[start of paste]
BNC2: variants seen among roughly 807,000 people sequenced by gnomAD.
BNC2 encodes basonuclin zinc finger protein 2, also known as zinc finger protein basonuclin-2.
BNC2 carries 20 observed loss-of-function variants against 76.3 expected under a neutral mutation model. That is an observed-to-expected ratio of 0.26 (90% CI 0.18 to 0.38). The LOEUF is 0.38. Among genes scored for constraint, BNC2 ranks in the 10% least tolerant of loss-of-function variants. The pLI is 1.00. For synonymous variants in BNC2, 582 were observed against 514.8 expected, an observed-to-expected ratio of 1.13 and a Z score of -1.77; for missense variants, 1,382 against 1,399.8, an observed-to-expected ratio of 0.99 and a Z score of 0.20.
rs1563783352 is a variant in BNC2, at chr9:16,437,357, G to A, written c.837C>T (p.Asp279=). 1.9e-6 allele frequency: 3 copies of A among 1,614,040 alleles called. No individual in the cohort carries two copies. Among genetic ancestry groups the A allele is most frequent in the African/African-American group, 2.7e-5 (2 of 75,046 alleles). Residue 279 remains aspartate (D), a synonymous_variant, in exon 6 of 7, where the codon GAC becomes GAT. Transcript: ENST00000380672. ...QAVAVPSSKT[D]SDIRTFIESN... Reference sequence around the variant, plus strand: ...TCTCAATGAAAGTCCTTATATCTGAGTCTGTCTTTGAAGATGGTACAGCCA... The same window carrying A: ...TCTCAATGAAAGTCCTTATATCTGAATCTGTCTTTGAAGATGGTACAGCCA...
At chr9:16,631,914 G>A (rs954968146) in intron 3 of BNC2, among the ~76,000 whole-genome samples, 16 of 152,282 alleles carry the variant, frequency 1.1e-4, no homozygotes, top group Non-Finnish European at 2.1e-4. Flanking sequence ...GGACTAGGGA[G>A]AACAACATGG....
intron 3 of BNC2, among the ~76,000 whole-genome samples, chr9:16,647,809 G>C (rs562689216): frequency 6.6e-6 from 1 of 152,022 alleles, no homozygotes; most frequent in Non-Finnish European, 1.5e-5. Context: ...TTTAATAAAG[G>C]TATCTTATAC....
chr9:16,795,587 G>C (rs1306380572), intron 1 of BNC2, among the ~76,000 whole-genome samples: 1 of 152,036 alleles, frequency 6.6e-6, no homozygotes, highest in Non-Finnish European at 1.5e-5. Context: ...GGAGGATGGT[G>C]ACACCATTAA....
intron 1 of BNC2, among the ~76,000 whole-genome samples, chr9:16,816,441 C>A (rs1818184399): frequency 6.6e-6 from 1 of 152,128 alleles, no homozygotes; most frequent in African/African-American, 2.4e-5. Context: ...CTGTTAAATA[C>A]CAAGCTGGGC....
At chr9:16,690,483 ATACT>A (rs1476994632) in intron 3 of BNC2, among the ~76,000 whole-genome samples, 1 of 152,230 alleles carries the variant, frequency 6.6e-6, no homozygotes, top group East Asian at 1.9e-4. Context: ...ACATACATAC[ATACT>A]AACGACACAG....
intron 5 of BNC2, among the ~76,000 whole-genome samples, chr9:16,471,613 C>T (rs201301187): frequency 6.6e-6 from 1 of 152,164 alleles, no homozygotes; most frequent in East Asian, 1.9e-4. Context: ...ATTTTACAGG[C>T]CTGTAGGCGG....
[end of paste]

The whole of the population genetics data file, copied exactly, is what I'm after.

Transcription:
BNC2: variants seen among roughly 807,000 people sequenced by gnomAD.
BNC2 encodes basonuclin zinc finger protein 2, also known as zinc finger protein basonuclin-2.
BNC2 carries 20 observed loss-of-function variants against 76.3 expected under a neutral mutation model. That is an observed-to-expected ratio of 0.26 (90% CI 0.18 to 0.38). The LOEUF is 0.38. Among genes scored for constraint, BNC2 ranks in the 10% least tolerant of loss-of-function variants. The pLI is 1.00. For synonymous variants in BNC2, 582 were observed against 514.8 expected, an observed-to-expected ratio of 1.13 and a Z score of -1.77; for missense variants, 1,382 against 1,399.8, an observed-to-expected ratio of 0.99 and a Z score of 0.20.
rs1563783352 is a variant in BNC2, at chr9:16,437,357, G to A, written c.837C>T (p.Asp279=). 1.9e-6 allele frequency: 3 copies of A among 1,614,040 alleles called. No individual in the cohort carries two copies. Among genetic ancestry groups the A allele is most frequent in the African/African-American group, 2.7e-5 (2 of 75,046 alleles). Residue 279 remains aspartate (D), a synonymous_variant, in exon 6 of 7, where the codon GAC becomes GAT. Transcript: ENST00000380672. ...QAVAVPSSKT[D]SDIRTFIESN... Reference sequence around the variant, plus strand: ...TCTCAATGAAAGTCCTTATATCTGAGTCTGTCTTTGAAGATGGTACAGCCA... The same window carrying A: ...TCTCAATGAAAGTCCTTATATCTGAATCTGTCTTTGAAGATGGTACAGCCA...
At chr9:16,631,914 G>A (rs954968146) in intron 3 of BNC2, among the ~76,000 whole-genome samples, 16 of 152,282 alleles carry the variant, frequency 1.1e-4, no homozygotes, top group Non-Finnish European at 2.1e-4. Flanking sequence ...GGACTAGGGA[G>A]AACAACATGG....
intron 3 of BNC2, among the ~76,000 whole-genome samples, chr9:16,647,809 G>C (rs562689216): frequency 6.6e-6 from 1 of 152,022 alleles, no homozygotes; most frequent in Non-Finnish European, 1.5e-5. Context: ...TTTAATAAAG[G>C]TATCTTATAC....
chr9:16,795,587 G>C (rs1306380572), intron 1 of BNC2, among the ~76,000 whole-genome samples: 1 of 152,036 alleles, frequency 6.6e-6, no homozygotes, highest in Non-Finnish European at 1.5e-5. Context: ...GGAGGATGGT[G>C]ACACCATTAA....
intron 1 of BNC2, among the ~76,000 whole-genome samples, chr9:16,816,441 C>A (rs1818184399): frequency 6.6e-6 from 1 of 152,128 alleles, no homozygotes; most frequent in African/African-American, 2.4e-5. Context: ...CTGTTAAATA[C>A]CAAGCTGGGC....
At chr9:16,690,483 ATACT>A (rs1476994632) in intron 3 of BNC2, among the ~76,000 whole-genome samples, 1 of 152,230 alleles carries the variant, frequency 6.6e-6, no homozygotes, top group East Asian at 1.9e-4. Context: ...ACATACATAC[ATACT>A]AACGACACAG....
intron 5 of BNC2, among the ~76,000 whole-genome samples, chr9:16,471,613 C>T (rs201301187): frequency 6.6e-6 from 1 of 152,164 alleles, no homozygotes; most frequent in East Asian, 1.9e-4. Context: ...ATTTTACAGG[C>T]CTGTAGGCGG....